Malia is a long-time full-time RVer who was diagnosed last spring with terminal lung cancer. She is graciously sharing her journey with us. See her previous post from August 30 here.
by Malia Lane, Malia’s Miles Blog
All of my energy for weeks now has been taken up with getting my book finished and ready for Kindle and self-publication. Even though I haven’t talked much about it publicly, this is not a new project – it’s something I started almost two years ago but I’ve dawdled and found excuses to do anything except that all this time. Yet as soon as I got the terminal cancer diagnosis, I knew that book was my priority and that if I died without at least trying to get it out there, I would regret it once I cross over.
My greatest hope always has been to inspire other people to follow their own dreams, particularly women, especially those who feel like they can’t do it alone. I hope that my example will demonstrate that doesn’t have to stop them, and my book goes into some detail about how I made the biggest of my crazy dreams happen, miracles and all.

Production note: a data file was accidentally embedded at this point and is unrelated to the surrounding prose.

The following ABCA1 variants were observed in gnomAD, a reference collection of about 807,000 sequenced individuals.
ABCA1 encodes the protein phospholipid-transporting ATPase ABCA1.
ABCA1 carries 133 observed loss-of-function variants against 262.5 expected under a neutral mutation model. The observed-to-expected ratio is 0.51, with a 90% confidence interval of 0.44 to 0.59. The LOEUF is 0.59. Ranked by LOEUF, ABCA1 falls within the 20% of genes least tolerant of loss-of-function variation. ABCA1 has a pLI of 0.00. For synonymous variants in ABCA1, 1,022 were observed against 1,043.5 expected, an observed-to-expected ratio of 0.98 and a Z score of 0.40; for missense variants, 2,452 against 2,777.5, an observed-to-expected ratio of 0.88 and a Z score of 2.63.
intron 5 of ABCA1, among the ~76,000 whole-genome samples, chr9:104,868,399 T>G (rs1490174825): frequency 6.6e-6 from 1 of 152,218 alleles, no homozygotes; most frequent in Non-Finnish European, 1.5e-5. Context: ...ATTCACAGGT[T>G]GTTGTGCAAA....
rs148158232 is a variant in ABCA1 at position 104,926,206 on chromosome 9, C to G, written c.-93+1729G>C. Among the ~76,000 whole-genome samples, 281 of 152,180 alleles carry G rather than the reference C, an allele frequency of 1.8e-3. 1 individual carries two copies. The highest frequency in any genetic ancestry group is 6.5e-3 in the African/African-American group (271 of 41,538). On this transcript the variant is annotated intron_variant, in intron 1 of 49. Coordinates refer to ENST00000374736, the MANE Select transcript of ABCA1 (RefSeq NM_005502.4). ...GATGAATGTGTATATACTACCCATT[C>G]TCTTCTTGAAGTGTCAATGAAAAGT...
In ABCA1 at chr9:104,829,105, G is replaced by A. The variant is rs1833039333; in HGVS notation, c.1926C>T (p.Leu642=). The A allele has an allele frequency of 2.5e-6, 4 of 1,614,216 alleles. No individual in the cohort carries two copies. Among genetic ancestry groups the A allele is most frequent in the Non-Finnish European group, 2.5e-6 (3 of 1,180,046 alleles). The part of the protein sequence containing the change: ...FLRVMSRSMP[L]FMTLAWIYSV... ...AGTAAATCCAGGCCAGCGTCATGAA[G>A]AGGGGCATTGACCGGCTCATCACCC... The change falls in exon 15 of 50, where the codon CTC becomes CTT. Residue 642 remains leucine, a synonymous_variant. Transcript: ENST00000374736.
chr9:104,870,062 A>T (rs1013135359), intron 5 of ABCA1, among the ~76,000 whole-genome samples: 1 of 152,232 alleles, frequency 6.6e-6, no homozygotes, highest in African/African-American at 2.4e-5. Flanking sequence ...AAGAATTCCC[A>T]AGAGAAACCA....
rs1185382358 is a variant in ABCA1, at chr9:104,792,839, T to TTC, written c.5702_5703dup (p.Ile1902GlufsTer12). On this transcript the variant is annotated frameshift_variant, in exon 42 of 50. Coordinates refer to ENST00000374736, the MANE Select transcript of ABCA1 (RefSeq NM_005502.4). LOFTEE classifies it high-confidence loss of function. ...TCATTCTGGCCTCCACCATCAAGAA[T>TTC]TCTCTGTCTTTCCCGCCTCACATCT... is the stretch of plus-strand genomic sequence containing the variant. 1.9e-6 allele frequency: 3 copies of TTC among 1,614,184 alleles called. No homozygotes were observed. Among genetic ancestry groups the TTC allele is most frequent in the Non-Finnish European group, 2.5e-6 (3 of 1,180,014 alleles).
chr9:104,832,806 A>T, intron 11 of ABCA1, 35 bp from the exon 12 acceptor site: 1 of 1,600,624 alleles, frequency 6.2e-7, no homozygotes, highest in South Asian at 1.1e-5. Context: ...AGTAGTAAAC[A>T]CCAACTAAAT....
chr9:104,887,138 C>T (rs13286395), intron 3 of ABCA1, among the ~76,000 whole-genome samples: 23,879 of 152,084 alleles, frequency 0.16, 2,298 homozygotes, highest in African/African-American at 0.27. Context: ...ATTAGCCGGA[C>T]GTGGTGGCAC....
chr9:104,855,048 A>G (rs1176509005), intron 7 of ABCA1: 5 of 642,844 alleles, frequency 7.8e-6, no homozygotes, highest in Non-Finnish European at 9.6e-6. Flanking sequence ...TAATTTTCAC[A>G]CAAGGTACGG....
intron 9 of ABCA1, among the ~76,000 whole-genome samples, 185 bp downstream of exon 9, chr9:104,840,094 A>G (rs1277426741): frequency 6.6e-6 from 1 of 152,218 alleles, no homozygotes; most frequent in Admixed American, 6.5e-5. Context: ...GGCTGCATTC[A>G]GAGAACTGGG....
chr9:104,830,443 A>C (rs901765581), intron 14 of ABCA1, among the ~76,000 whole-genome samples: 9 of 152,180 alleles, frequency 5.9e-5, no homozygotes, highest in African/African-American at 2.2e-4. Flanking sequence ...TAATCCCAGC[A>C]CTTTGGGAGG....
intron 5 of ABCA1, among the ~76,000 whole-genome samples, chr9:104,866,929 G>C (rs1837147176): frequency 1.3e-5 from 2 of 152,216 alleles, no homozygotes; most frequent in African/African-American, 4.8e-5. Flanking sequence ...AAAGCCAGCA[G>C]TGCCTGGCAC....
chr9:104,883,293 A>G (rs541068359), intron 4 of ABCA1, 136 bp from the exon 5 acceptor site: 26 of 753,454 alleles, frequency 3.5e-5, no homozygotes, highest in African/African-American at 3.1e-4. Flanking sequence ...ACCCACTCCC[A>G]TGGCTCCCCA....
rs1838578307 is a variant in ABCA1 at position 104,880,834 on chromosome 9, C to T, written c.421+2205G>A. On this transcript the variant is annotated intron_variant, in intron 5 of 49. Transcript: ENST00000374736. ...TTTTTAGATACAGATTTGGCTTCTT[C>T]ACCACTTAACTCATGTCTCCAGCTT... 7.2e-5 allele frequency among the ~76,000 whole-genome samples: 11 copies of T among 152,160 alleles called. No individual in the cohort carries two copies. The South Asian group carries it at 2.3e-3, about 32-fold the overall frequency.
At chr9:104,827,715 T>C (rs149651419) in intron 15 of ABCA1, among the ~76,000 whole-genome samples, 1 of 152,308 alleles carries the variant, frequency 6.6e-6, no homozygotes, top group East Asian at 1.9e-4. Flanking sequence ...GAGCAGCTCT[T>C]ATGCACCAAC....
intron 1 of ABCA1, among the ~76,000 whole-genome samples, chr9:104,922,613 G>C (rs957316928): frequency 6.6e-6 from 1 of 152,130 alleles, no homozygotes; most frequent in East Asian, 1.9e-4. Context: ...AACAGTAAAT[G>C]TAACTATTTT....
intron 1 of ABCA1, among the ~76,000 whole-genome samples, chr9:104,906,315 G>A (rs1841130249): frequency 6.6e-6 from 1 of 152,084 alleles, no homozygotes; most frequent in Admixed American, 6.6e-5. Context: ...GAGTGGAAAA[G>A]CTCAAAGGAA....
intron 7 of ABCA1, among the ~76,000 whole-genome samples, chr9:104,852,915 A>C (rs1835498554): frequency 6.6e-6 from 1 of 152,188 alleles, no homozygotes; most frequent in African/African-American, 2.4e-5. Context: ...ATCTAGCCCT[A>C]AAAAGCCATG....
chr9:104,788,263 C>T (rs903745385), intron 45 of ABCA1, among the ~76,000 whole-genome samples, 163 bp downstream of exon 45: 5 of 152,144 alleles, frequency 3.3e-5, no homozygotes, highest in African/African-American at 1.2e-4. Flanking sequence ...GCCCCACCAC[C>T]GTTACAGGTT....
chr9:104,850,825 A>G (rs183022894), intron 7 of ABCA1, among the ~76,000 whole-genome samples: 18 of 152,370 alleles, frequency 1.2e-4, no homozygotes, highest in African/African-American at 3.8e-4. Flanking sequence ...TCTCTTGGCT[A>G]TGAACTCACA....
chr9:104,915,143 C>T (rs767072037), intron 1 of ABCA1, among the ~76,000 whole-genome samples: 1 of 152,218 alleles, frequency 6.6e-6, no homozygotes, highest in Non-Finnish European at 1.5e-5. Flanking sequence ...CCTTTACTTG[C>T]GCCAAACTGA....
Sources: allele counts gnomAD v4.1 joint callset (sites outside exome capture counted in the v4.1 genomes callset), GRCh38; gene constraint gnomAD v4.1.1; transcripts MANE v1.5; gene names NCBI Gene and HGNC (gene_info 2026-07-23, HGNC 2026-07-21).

At this point, I’m almost to the finish line on that and finally have some time and energy to do an update for all the wonderful friends who have kept me in their prayers and continue to be interested in what’s going on with me.
The days of my being able to multi-task are over as I pretty much have to concentrate on doing one thing at a time and then go take a nap. It’s definitely a new way of life that I’m living now. I’ve never had any heavy or chronic medical problems before and whenever anything like that did come about, it was pretty easily and quickly handled.